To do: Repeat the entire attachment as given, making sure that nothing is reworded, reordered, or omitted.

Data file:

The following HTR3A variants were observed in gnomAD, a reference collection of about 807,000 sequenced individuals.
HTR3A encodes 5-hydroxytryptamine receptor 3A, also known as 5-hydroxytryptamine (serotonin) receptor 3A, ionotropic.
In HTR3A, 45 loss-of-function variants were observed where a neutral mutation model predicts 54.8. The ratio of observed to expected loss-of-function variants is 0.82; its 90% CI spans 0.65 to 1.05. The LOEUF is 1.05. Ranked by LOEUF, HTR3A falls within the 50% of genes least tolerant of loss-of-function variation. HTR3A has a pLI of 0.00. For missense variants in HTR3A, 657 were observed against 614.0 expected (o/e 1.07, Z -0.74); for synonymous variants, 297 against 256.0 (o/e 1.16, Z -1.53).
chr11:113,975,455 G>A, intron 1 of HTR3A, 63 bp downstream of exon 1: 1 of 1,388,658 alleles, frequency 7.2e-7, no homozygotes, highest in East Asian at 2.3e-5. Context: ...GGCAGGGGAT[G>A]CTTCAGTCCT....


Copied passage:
The following HTR3A variants were observed in gnomAD, a reference collection of about 807,000 sequenced individuals.
HTR3A encodes 5-hydroxytryptamine receptor 3A, also known as 5-hydroxytryptamine (serotonin) receptor 3A, ionotropic.
In HTR3A, 45 loss-of-function variants were observed where a neutral mutation model predicts 54.8. The ratio of observed to expected loss-of-function variants is 0.82; its 90% CI spans 0.65 to 1.05. The LOEUF is 1.05. Ranked by LOEUF, HTR3A falls within the 50% of genes least tolerant of loss-of-function variation. HTR3A has a pLI of 0.00. For missense variants in HTR3A, 657 were observed against 614.0 expected (o/e 1.07, Z -0.74); for synonymous variants, 297 against 256.0 (o/e 1.16, Z -1.53).
chr11:113,975,455 G>A, intron 1 of HTR3A, 63 bp downstream of exon 1: 1 of 1,388,658 alleles, frequency 7.2e-7, no homozygotes, highest in East Asian at 2.3e-5. Context: ...GGCAGGGGAT[G>A]CTTCAGTCCT....